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Digest of Education Statistics: 2006
Digest of Education Statistics: 2006

NCES 2007-017
July 2007

Appendix A.2. School Survey on Crime and Safety (SSOCS)

The most recent School Survey on Crime and Safety (SSOCS) was conducted by NCES in spring/summer of the 2003–04 school year. SSOCS focuses on incidents of specific crimes/offenses and a variety of specific discipline issues in public schools. It also covers characteristics of school policies, school violence prevention programs and policies, and school characteristics that have been associated with school crime. The survey was conducted with a nationally representative sample of regular public elementary, middle, and high schools in the 50 states and the District of Columbia. Special education, alternative, and vocational schools; schools in the other jurisdictions; and schools that taught only prekindergarten, kindergarten, or adult education were not included in the sample.

The sampling frame for the 2004 SSOCS was constructed from the public school universe file created for the 2003–04 Schools and Staffing Survey from the 2001–02 NCES Common Core of Data public school universe file. The sample was stratified by instructional level, type of locale, and enrollment size. Within the primary strata, schools were also sorted by geographic region and by percentage of minority enrollment. The sample sizes were then allocated to the primary strata in rough proportion to the aggregate square root of the size of enrollment of schools in the stratum. A total of 3,743 schools were selected for the study. Of those schools, 2,270 completed the survey. In March 2004, questionnaires were mailed to school principals, who were asked to complete the survey or to have it completed by the person at the school most knowledgeable about discipline issues. The weighted overall response rate was 77.2 percent, and item nonresponse rates in the public-use data file ranged from 0 to 33.3 percent. A nonresponse bias analysis was conducted on the nine items with weighted item nonresponse rates above 15 percent, and minimal bias was detected. Weights were developed to adjust for the variable probabilities of selection and differential nonresponse and can be used to produce national estimates for regular public schools in the 2003–04 school year.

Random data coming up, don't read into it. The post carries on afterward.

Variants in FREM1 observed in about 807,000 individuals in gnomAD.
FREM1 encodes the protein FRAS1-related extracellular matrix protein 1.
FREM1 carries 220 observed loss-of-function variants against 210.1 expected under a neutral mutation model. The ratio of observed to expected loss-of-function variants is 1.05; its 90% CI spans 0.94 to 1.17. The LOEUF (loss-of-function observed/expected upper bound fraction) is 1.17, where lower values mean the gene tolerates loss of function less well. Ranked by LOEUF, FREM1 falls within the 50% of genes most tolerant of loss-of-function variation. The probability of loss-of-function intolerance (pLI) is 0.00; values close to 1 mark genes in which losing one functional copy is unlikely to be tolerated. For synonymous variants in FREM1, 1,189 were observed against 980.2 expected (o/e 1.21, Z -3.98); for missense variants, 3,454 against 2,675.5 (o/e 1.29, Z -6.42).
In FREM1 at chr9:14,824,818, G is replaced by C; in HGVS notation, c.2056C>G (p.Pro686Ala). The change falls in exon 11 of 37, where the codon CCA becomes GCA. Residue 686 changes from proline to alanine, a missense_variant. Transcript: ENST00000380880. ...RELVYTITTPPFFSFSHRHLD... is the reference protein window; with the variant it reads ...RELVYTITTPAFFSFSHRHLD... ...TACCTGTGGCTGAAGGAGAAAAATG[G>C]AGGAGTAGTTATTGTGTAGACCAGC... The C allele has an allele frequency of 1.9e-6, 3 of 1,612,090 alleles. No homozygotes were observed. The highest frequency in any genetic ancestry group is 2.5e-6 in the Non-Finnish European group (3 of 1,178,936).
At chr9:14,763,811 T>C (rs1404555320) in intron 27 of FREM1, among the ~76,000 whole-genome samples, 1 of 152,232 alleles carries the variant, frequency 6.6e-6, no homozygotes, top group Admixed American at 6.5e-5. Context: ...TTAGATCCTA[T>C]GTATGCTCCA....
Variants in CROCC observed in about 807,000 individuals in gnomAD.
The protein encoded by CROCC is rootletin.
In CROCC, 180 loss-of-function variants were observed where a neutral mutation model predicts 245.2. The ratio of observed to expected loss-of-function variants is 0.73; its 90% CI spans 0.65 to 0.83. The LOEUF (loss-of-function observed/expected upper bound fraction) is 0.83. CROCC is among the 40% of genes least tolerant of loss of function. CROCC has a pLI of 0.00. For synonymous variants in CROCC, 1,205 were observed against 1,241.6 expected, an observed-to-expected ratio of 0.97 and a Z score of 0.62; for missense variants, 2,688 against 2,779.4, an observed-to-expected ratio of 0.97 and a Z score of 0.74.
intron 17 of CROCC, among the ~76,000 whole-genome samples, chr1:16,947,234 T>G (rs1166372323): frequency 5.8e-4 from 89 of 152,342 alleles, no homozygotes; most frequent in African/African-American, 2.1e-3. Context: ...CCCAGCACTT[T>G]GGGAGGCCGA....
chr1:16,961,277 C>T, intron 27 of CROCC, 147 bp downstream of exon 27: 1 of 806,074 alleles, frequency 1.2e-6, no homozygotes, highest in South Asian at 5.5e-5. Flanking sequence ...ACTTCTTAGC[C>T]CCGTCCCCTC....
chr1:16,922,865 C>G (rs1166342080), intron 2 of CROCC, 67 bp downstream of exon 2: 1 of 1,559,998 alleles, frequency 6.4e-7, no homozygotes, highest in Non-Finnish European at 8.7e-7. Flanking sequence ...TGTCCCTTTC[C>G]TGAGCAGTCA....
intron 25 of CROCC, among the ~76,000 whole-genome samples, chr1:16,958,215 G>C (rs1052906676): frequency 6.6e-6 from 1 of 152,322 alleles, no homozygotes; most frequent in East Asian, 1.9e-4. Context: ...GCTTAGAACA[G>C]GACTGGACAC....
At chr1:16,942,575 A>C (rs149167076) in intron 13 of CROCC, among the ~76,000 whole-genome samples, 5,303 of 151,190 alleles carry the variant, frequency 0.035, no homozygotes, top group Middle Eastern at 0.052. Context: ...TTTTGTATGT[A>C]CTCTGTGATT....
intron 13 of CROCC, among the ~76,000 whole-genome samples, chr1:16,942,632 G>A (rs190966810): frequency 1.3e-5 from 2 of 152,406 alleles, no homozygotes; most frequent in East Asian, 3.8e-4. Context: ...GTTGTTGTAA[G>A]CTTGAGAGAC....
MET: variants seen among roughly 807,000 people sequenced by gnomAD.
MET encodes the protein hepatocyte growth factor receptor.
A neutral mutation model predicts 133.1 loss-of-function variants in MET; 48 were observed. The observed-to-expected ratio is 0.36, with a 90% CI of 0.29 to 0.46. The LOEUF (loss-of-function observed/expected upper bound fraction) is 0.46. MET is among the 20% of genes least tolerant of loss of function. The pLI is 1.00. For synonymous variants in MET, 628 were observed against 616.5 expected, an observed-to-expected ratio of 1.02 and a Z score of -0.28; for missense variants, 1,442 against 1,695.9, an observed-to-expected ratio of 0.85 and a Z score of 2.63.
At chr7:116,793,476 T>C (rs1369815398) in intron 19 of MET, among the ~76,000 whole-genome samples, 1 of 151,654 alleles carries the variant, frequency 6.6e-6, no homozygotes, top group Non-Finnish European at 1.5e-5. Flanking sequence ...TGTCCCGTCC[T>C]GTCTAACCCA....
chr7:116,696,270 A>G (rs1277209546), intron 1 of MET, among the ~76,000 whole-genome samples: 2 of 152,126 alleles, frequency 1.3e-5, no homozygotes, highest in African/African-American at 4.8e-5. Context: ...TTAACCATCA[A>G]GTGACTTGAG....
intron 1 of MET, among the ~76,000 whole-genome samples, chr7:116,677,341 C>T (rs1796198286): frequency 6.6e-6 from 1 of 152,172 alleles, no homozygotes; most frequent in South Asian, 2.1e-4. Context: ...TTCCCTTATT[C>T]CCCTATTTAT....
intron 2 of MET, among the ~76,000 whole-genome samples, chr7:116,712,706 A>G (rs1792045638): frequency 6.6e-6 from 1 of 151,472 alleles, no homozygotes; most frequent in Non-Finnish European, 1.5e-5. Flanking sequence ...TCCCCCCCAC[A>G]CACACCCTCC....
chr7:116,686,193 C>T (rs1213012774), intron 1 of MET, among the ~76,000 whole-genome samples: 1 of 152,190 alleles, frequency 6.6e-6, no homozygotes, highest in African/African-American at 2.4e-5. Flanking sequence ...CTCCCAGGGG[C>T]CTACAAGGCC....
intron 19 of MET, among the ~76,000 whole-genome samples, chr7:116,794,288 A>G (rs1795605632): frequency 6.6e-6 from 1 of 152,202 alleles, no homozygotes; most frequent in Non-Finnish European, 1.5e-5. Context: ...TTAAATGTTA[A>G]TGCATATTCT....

For more information about the SSOCS, contact

Kathryn A. Chandler
Elementary/Secondary and Libraries Studies Division
Elementary/Secondary Sample Survey Studies Program
National Center for Education Statistics
1990 K Street NW
Washington, DC 20006